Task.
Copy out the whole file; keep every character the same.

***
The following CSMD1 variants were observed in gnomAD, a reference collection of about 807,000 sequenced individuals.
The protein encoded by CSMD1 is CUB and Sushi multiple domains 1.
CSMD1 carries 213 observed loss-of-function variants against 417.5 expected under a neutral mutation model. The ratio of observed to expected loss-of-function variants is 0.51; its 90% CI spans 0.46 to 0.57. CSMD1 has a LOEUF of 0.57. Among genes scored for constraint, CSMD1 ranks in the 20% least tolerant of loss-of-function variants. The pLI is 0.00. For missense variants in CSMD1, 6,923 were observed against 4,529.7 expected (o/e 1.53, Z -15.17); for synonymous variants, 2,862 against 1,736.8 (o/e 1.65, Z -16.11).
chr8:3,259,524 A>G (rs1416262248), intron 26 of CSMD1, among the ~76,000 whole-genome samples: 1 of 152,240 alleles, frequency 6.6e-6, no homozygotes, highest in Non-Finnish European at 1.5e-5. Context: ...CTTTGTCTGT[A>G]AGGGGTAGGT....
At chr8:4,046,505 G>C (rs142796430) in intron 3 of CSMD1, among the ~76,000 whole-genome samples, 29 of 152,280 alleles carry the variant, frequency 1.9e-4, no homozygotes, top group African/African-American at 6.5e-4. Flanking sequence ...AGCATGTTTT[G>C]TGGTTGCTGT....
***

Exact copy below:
The following CSMD1 variants were observed in gnomAD, a reference collection of about 807,000 sequenced individuals.
The protein encoded by CSMD1 is CUB and Sushi multiple domains 1.
CSMD1 carries 213 observed loss-of-function variants against 417.5 expected under a neutral mutation model. The ratio of observed to expected loss-of-function variants is 0.51; its 90% CI spans 0.46 to 0.57. CSMD1 has a LOEUF of 0.57. Among genes scored for constraint, CSMD1 ranks in the 20% least tolerant of loss-of-function variants. The pLI is 0.00. For missense variants in CSMD1, 6,923 were observed against 4,529.7 expected (o/e 1.53, Z -15.17); for synonymous variants, 2,862 against 1,736.8 (o/e 1.65, Z -16.11).
chr8:3,259,524 A>G (rs1416262248), intron 26 of CSMD1, among the ~76,000 whole-genome samples: 1 of 152,240 alleles, frequency 6.6e-6, no homozygotes, highest in Non-Finnish European at 1.5e-5. Context: ...CTTTGTCTGT[A>G]AGGGGTAGGT....
At chr8:4,046,505 G>C (rs142796430) in intron 3 of CSMD1, among the ~76,000 whole-genome samples, 29 of 152,280 alleles carry the variant, frequency 1.9e-4, no homozygotes, top group African/African-American at 6.5e-4. Flanking sequence ...AGCATGTTTT[G>C]TGGTTGCTGT....